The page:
Technology will play a huge role in creating contactless experiences, with booking, intake forms, check-in, checkout, and payments. Tech will also play a role in treatments and services, as standalones or adjunct offerings. This is an easy way to diversify revenue streams and increase profits. Guests will also have greater say in how they want to use technology and what sort of experience they want to have. They will be able to customize their experiences to incorporate both human contact and contactless elements.

I’m not going to say robots will be doing massages. However, I do see AI playing a part in collecting information upon guests’ arrival and post stay/service.

And most certainly VR classes will be offered in the future. Yoga classes are peaceful, but they are in the same classroom you have likely seen 10 times. Now imagine a guided class with relaxing visuals quite literally putting you in whatever individualized setting you would find the most relaxing and soulful. That’s where we’re going.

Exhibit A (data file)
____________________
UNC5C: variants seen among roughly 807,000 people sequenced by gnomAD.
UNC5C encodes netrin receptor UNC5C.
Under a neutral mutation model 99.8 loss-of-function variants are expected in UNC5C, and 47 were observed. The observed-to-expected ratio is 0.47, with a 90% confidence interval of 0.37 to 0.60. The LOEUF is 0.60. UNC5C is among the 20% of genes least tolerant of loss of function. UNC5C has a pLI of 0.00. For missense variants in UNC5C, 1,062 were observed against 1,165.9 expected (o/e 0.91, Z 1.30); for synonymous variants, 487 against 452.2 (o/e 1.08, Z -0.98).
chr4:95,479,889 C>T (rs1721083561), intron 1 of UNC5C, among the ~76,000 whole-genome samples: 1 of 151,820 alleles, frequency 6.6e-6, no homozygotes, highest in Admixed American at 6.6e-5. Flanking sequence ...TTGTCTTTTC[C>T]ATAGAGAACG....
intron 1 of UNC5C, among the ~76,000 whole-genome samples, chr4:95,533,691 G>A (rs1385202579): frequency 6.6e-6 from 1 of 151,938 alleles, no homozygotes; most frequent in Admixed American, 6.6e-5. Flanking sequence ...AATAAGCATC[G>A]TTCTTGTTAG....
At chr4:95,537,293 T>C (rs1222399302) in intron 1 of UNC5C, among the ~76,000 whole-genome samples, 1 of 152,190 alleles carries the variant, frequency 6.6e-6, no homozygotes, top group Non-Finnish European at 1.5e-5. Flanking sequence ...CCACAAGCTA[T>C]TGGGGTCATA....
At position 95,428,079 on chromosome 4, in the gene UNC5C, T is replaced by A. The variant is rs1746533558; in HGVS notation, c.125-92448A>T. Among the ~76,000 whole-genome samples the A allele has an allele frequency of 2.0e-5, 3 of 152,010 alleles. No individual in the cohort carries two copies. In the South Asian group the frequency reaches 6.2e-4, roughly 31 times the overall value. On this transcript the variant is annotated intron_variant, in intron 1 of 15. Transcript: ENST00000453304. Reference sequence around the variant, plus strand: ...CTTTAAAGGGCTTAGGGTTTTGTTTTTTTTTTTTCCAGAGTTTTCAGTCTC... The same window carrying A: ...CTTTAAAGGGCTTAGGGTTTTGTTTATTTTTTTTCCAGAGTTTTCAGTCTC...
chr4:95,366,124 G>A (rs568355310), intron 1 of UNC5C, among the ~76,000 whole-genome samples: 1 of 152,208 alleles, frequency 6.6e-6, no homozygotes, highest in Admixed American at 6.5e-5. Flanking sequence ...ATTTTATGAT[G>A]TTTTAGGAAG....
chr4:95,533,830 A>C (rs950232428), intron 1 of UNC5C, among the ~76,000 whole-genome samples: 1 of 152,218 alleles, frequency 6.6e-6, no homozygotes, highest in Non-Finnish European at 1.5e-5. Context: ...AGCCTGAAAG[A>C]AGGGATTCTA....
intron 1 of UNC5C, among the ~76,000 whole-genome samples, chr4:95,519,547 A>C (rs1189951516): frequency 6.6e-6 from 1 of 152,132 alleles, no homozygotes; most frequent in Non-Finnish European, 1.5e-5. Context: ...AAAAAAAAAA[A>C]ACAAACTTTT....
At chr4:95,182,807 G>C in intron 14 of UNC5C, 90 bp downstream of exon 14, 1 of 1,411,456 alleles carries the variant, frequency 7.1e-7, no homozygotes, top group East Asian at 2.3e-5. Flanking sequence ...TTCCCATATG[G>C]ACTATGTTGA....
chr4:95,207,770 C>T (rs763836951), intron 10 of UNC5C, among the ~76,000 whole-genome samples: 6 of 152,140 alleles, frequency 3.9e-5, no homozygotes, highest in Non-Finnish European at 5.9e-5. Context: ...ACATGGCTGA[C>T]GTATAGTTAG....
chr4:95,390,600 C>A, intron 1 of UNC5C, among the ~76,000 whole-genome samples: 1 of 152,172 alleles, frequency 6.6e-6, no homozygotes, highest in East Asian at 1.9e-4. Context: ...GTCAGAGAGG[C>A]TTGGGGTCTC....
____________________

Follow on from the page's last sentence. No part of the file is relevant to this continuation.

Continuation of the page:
What will it take to succeed in this industry five years from now ? 10 years from now?

A willingness to learn, adapt, and grow with the flow of change, as well as the ability to spot the difference between a trend, a fad, and a true development. This is what it will take to succeed any number of years from now.